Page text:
Portuguese Dishes You Should Try At Least Once, According To An Expert

Portuguese food is incredibly unique, and the small country's culinary influence has been spread wide to nations across the world. Places like Brazil, Hawaii, the African islands of Cape Verde, and parts of New England are brimming with Portuguese influence and delicious food that's admittedly hard to find elsewhere.


Places like New Bedford and Fall River, Massachusetts, where I grew up, are filled with Portuguese people and delicious Portuguese food. Having lived in such a predominantly Portuguese community, I learned at a young age what differentiated a Portuguese steak from an American steak, that shrimp were meant to be served with their peels on, and not all donuts needed to have a hole. 

It wasn't until later, when I moved to California and started exploring the culinary scene of Los Angeles, that I realized how unique Portuguese food is to Rhode Island, southern Massachusetts, and my small community of Fall River. These dishes might be new for most people, but they're some Portuguese favorites everybody should try at least once. 


Bitoque - Portuguese steak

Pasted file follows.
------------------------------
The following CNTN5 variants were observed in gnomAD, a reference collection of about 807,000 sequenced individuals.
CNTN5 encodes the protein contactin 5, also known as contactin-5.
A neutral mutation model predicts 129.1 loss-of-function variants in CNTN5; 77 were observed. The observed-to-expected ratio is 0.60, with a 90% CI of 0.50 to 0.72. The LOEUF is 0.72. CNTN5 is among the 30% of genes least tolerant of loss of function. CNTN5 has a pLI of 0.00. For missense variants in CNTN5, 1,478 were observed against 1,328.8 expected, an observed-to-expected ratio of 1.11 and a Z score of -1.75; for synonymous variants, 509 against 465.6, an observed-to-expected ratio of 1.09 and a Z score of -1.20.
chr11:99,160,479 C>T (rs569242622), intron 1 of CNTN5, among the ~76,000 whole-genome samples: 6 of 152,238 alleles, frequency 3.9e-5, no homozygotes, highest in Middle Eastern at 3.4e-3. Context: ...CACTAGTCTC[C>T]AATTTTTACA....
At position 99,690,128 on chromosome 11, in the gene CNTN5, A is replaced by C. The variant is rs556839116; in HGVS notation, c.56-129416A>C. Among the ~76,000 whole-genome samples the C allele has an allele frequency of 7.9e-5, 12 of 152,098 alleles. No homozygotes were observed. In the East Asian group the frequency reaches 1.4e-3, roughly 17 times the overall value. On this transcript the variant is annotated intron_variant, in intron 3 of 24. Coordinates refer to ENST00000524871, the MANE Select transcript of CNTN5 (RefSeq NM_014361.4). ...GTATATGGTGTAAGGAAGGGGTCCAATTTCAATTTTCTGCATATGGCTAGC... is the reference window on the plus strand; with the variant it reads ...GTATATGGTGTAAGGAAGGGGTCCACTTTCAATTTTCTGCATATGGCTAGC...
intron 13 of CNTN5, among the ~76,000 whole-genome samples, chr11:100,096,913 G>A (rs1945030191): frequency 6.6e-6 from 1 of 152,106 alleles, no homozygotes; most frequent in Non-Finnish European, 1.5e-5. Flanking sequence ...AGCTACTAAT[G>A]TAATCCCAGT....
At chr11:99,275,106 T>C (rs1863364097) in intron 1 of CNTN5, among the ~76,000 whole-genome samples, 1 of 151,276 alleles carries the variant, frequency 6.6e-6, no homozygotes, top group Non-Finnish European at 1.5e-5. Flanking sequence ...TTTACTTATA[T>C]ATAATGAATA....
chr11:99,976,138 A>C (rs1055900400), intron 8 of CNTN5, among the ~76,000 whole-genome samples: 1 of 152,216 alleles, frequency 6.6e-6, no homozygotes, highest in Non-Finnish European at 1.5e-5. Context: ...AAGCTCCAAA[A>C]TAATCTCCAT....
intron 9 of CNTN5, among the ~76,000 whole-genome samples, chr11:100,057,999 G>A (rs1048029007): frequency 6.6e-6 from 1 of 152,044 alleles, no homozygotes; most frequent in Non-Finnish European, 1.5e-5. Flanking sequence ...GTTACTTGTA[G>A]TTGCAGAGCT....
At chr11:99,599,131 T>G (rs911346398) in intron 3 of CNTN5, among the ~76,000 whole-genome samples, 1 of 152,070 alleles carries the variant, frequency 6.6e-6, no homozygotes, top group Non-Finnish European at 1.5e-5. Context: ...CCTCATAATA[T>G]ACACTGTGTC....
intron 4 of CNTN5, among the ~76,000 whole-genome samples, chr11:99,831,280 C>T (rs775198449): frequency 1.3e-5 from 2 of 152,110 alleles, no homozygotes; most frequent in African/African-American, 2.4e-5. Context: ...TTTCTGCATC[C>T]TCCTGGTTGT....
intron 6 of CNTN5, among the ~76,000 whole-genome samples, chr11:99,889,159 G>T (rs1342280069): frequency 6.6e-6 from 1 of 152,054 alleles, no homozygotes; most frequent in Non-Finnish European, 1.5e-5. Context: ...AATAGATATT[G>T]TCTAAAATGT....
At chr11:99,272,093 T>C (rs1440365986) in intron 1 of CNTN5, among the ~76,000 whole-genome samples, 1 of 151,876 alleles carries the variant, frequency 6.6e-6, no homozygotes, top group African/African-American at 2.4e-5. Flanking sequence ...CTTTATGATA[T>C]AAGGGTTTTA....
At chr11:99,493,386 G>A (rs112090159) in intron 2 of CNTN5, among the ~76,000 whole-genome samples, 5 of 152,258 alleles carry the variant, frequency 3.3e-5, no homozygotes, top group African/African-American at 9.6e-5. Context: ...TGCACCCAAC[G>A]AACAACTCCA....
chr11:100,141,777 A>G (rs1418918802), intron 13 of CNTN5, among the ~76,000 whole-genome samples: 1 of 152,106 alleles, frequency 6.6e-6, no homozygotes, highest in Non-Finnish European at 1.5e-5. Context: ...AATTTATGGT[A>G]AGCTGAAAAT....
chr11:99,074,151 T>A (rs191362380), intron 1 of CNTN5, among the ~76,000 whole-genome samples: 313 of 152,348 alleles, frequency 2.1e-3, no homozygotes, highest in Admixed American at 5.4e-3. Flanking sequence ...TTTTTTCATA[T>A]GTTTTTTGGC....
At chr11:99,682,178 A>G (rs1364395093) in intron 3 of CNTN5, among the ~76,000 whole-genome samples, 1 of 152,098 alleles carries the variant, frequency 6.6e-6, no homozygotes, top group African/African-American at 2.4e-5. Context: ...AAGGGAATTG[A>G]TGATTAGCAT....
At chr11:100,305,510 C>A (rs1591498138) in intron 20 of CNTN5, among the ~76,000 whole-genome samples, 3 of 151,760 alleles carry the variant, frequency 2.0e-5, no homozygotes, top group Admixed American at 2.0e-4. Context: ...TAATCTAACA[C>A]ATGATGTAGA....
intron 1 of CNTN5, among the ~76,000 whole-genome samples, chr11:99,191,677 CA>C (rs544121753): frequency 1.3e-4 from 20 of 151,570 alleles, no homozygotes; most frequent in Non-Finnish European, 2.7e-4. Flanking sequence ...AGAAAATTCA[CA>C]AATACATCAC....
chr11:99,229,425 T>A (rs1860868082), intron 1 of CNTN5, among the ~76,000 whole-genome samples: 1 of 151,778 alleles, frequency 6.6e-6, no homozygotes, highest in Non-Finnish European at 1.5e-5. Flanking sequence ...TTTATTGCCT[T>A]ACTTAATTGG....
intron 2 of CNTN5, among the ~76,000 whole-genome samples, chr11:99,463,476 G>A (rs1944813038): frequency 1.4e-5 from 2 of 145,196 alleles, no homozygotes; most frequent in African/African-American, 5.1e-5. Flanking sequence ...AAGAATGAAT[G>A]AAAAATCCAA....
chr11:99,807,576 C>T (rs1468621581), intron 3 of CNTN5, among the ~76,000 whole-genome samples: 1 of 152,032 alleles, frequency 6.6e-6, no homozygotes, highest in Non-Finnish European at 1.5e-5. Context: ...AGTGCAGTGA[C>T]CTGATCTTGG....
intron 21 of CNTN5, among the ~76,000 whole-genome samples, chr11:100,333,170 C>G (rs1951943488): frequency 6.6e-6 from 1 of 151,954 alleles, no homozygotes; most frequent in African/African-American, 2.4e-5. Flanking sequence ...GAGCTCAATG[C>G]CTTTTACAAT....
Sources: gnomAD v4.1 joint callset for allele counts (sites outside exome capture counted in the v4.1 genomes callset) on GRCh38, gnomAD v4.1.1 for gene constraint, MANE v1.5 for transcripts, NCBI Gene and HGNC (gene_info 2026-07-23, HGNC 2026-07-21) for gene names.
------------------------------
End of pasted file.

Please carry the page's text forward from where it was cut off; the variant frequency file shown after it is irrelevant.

Bitoque, or Portuguese steak, is a common family dinner in Portugal and the United States. It's as hearty a meal as they come, with the toppings and sides holding just as much weight on your plate as the steak itself. 


The meal stars a thin sirloin, usually marinated in garlic and spices before being cooked with a slight char on the ends. It's served over a bed of seasoned yellow rice, topped with grilled peppers, and a gravy made from the leftover steak marinade and dry white wine.  

All of this is topped with either a lightly fried or sunny-side-up egg, which should be the first thing you cut into as you start your meal, letting the yoke's gooey middle spill over the meat and rice below. French fries or roasted potatoes on the side are usually salted and lightly drizzled with malt vinegar. The longer you savor this meal, the better the fries get as they become saturated in the juicy steak marinade. 

Porco à alentejana - pork & littlenecks

Pork and littleneck clams give you the best of both worlds from Portugal's rich culinary offerings. Clams — off Portugal's western coast of the Atlantic — pair with pork raised in the country's vast, southern grasslands: the Alentejo. 


Pieces of cut pork shoulder or pork loin are marinated in dry white wine, bay leaves, garlic, and pimenta moida – a spicy sauce made out of crushed and fermented red peppers that will be a key ingredient in a lot of dishes on this list. After sitting overnight, the pork is fried in fat, giving it a nice crispy sear on all sides. Small chunks of potatoes are baked as the pork cooks and then tossed into the same frying pan once the pork comes out. This gives the potatoes the same fatty flavor, letting them absorb any juices leftover from the pork. The petite littleneck clams are cooked and served — some with and some without their shell — in a big bowl with the rest of the ingredients.